YORKTOWN, Va. - Red emergency lights flickering on the driveway became an all too familiar sight for the Van Cleave family.
Having upwards of eight seizures a night, sometimes a trip to the emergency room was the only option to help 17-year-old Jamie.
"Some of my seizures I couldn't breathe, some of them [I'm] unconscious for, some of them are convulsive," said Jamie Van Cleave.
When Jamie was seven, she was diagnosed with intractable, otherwise known as drug-resistant, epilepsy. Epilepsy is a neurological disorder that causes sudden seizures.
Over 10-and-a-half years, she was in and out of the hospital, clocking over 100 medication adjustments.
"Since medications weren't working for me, we ended up scheduling an appointment with Boston's Children's Hospital," Jamie said. BCH is listed as #1 by US News & World Report for top hospitals for epilepsy treatment, including surgery.
After countless tests and meetings with doctors, the Van Cleaves only saw one option: brain surgery.
"I mean, this is how big of a deal it is. People don't really understand," she said.
Jamie had to go through extensive screenings to see if she was even a candidate. In order to proceed towards surgery, all doctors involved must agree that the patient can move to the next stage. Doctor's told the Van Cleaves that statistically only 20% of candidates get through that gate.
"There were two surgeries though, the first one was to place different electrodes inside the side of my skull. Then towards the end of that week, before the official surgery, they sent electrical currents into my brain having me do different simple activities like moving my hands a certain way or producing a certain sound to make sure it was safe for me to have surgery in that area," she said.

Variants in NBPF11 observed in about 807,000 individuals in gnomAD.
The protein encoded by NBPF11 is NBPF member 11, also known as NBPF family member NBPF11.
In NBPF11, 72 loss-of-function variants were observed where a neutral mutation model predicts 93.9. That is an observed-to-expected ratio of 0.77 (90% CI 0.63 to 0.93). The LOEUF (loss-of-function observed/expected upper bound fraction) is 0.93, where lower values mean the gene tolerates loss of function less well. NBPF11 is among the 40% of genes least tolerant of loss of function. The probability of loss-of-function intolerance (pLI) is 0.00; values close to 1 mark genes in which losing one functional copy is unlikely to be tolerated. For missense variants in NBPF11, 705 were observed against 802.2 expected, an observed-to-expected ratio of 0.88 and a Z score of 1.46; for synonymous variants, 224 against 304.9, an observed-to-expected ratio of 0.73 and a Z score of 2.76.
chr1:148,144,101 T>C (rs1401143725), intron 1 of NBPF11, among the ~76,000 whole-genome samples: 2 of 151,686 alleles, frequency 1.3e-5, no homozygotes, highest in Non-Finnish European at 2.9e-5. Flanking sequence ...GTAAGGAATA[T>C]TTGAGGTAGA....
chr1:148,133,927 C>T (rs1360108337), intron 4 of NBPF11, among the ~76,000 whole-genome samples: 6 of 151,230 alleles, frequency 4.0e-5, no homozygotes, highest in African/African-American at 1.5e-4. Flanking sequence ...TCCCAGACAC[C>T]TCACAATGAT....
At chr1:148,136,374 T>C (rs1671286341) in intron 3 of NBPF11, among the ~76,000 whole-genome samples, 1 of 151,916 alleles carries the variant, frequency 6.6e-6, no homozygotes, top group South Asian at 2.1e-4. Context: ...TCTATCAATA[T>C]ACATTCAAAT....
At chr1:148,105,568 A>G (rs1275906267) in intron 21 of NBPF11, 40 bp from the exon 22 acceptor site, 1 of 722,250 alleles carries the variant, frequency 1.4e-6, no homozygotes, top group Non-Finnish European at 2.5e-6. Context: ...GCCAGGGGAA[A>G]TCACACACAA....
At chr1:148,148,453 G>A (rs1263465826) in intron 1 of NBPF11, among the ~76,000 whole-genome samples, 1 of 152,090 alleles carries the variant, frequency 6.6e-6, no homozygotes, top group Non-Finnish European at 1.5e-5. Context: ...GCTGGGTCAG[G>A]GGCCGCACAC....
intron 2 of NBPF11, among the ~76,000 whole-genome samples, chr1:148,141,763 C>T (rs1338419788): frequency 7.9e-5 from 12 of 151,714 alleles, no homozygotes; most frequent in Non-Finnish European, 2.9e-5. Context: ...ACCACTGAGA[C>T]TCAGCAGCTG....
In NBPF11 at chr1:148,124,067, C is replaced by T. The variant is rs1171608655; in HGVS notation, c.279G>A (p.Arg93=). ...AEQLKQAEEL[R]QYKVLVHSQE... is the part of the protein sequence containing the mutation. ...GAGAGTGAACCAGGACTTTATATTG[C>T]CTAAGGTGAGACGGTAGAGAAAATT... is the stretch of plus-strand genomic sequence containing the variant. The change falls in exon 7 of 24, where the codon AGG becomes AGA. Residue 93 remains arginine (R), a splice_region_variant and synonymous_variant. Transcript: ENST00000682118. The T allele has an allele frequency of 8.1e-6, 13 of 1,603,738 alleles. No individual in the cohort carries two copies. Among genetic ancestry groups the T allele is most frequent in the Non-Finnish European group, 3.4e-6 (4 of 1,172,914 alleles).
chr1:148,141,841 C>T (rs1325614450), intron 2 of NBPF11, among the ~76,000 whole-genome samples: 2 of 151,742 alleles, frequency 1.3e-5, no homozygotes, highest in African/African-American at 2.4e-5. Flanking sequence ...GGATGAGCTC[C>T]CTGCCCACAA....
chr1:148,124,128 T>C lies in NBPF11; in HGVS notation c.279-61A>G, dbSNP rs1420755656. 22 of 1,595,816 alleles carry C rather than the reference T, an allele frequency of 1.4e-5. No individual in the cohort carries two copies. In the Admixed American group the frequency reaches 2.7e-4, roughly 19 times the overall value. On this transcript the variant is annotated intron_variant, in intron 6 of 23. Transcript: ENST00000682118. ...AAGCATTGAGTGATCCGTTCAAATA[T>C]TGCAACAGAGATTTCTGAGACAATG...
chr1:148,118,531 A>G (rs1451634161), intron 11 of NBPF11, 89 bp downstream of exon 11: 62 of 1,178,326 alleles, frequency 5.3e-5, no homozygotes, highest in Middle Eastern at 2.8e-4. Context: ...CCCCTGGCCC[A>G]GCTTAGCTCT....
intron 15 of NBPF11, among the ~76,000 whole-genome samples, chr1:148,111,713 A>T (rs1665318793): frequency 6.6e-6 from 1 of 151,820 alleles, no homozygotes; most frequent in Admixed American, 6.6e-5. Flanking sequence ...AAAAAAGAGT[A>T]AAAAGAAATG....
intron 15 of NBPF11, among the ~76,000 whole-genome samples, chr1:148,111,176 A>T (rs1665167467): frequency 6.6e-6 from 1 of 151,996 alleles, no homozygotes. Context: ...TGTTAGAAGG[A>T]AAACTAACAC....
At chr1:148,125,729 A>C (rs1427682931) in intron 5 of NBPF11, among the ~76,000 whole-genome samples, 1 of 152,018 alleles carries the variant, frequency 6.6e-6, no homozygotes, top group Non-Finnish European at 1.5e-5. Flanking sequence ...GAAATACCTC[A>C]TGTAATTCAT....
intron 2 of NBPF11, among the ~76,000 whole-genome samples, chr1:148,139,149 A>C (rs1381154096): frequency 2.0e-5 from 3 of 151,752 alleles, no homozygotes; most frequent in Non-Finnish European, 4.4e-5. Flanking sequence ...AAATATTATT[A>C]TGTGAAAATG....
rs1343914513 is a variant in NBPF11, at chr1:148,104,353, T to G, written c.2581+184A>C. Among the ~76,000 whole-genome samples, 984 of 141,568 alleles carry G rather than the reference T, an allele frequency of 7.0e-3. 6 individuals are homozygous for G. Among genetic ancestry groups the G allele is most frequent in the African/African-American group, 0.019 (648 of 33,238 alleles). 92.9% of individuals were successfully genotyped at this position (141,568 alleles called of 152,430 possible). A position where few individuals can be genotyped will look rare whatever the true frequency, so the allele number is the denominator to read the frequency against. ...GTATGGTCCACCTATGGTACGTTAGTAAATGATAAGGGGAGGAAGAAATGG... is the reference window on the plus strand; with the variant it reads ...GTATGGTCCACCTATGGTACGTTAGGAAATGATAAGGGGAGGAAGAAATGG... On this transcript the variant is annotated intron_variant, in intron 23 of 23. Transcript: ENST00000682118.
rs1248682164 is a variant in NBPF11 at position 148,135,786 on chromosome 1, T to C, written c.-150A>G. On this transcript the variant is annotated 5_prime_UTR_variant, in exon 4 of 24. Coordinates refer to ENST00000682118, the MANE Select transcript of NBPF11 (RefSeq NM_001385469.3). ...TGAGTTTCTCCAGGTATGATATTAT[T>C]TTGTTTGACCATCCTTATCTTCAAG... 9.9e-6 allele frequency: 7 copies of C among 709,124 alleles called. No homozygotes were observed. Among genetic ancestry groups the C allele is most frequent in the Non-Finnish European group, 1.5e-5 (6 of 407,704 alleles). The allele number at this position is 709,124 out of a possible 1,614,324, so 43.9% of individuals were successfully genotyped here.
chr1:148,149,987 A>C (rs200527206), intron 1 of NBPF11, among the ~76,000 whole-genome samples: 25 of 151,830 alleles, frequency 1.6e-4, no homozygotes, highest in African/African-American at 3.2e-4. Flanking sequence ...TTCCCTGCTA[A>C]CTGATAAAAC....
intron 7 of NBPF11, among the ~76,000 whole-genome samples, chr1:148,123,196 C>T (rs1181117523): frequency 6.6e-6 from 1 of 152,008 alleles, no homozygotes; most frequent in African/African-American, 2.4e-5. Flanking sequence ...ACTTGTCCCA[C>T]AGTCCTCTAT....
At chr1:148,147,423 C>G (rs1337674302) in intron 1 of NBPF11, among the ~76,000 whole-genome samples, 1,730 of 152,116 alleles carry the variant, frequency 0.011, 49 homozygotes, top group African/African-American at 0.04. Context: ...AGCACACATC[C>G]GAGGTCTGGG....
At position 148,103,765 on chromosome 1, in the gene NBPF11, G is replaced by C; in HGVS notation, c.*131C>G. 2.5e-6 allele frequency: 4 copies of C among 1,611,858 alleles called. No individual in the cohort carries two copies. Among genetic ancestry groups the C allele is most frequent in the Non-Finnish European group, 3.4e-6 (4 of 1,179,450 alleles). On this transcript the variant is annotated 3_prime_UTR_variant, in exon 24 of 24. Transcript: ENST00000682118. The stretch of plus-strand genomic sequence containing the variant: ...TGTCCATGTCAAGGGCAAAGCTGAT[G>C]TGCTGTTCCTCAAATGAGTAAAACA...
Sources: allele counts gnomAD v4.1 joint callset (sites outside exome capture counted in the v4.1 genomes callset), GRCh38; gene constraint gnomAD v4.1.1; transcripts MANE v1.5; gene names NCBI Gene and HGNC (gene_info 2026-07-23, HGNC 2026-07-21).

Jamie's mother Christie said the first surgery to place the probes lasted 5.5 hours. Ultimately Jamie was approved and had the surgery on June 16, 2021.
Doctors said there was a 1 percent chance her seizures would be controlled. Five months later, Jamie was recovered and sitting down for an interview with News 3's Erin Miller.
"I feel like at this point I'm in a really good place. I haven't had a seizure since the morning of the surgery," she said with a large smile on her face.
And so her advocacy continues. Up to this point, she's helped pass the 'Seizure Safe Schools' bill in Virginia. The bill requires all school personnel to get seizure first aid training so they know what to do if a child has a seizure at school.
It was originally championed by Republican Senator Bill DeSteph, but has grown support within both parties.
Jamie has also met with legislators on Capitol Hill under the EFA’s Teens Speak Up program. This is her third and final year participating. She is an Ambassador for Teens Speak Up and also the EndEpilepsy campaign.
"My theme of advocacy has always been in the schools and bringing awareness to students and teachers," she said. "[At York High School] we hung up purple ribbons in the hallway and have little epilepsy facts on them so that when the students walk past them every day, maybe they'll hold onto that little bit of information."
Jamie is now performing in her school's play and applying for colleges. These are bucket list goals she never thought would be possible prior to surgery.
She said she's sharing her story to prove what's possible and break the stigma.
"The only reason people are scared about it is because they don't know what it is," she said. "People who have epilepsy are really misunderstood."
November is also National Epilepsy Awareness Month, which is another reason Jamie is sharing her story.
Jamie said, "If you're still having seizures, it helps even just the tiniest bit if you have something that brings you comfort."
There is currently no cure for epilepsy, which is why many advocates are pushing for more funding and awareness.
To learn more about epilepsy and how you can make a difference, click here.